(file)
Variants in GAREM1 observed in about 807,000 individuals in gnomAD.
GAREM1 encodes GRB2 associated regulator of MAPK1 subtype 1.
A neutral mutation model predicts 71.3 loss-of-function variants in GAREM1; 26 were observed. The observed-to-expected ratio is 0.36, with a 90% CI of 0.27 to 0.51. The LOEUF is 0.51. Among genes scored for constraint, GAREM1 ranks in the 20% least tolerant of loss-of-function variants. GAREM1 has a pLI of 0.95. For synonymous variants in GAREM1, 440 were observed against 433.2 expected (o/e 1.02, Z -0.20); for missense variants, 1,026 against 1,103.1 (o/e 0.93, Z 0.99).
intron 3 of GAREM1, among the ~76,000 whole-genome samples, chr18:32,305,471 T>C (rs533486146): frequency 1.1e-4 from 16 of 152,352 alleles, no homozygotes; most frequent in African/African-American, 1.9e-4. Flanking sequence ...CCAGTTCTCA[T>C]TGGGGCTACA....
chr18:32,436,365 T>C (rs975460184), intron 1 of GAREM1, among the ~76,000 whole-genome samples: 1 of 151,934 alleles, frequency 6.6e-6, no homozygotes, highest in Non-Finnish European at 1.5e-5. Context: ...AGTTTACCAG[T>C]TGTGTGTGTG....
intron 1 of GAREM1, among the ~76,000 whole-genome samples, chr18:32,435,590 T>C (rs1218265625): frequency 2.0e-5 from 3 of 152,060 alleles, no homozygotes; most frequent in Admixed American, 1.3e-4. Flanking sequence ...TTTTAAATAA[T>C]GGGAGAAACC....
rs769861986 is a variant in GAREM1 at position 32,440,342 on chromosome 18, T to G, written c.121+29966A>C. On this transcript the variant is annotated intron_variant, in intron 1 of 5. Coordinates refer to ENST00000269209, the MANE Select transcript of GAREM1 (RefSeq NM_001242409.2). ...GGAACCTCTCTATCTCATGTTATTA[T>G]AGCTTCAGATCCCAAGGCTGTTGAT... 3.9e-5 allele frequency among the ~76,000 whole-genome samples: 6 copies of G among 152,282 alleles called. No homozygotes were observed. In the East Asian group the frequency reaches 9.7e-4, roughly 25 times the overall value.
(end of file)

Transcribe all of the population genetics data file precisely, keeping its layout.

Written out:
Variants in GAREM1 observed in about 807,000 individuals in gnomAD.
GAREM1 encodes GRB2 associated regulator of MAPK1 subtype 1.
A neutral mutation model predicts 71.3 loss-of-function variants in GAREM1; 26 were observed. The observed-to-expected ratio is 0.36, with a 90% CI of 0.27 to 0.51. The LOEUF is 0.51. Among genes scored for constraint, GAREM1 ranks in the 20% least tolerant of loss-of-function variants. GAREM1 has a pLI of 0.95. For synonymous variants in GAREM1, 440 were observed against 433.2 expected (o/e 1.02, Z -0.20); for missense variants, 1,026 against 1,103.1 (o/e 0.93, Z 0.99).
intron 3 of GAREM1, among the ~76,000 whole-genome samples, chr18:32,305,471 T>C (rs533486146): frequency 1.1e-4 from 16 of 152,352 alleles, no homozygotes; most frequent in African/African-American, 1.9e-4. Flanking sequence ...CCAGTTCTCA[T>C]TGGGGCTACA....
chr18:32,436,365 T>C (rs975460184), intron 1 of GAREM1, among the ~76,000 whole-genome samples: 1 of 151,934 alleles, frequency 6.6e-6, no homozygotes, highest in Non-Finnish European at 1.5e-5. Context: ...AGTTTACCAG[T>C]TGTGTGTGTG....
intron 1 of GAREM1, among the ~76,000 whole-genome samples, chr18:32,435,590 T>C (rs1218265625): frequency 2.0e-5 from 3 of 152,060 alleles, no homozygotes; most frequent in Admixed American, 1.3e-4. Flanking sequence ...TTTTAAATAA[T>C]GGGAGAAACC....
rs769861986 is a variant in GAREM1 at position 32,440,342 on chromosome 18, T to G, written c.121+29966A>C. On this transcript the variant is annotated intron_variant, in intron 1 of 5. Coordinates refer to ENST00000269209, the MANE Select transcript of GAREM1 (RefSeq NM_001242409.2). ...GGAACCTCTCTATCTCATGTTATTA[T>G]AGCTTCAGATCCCAAGGCTGTTGAT... 3.9e-5 allele frequency among the ~76,000 whole-genome samples: 6 copies of G among 152,282 alleles called. No homozygotes were observed. In the East Asian group the frequency reaches 9.7e-4, roughly 25 times the overall value.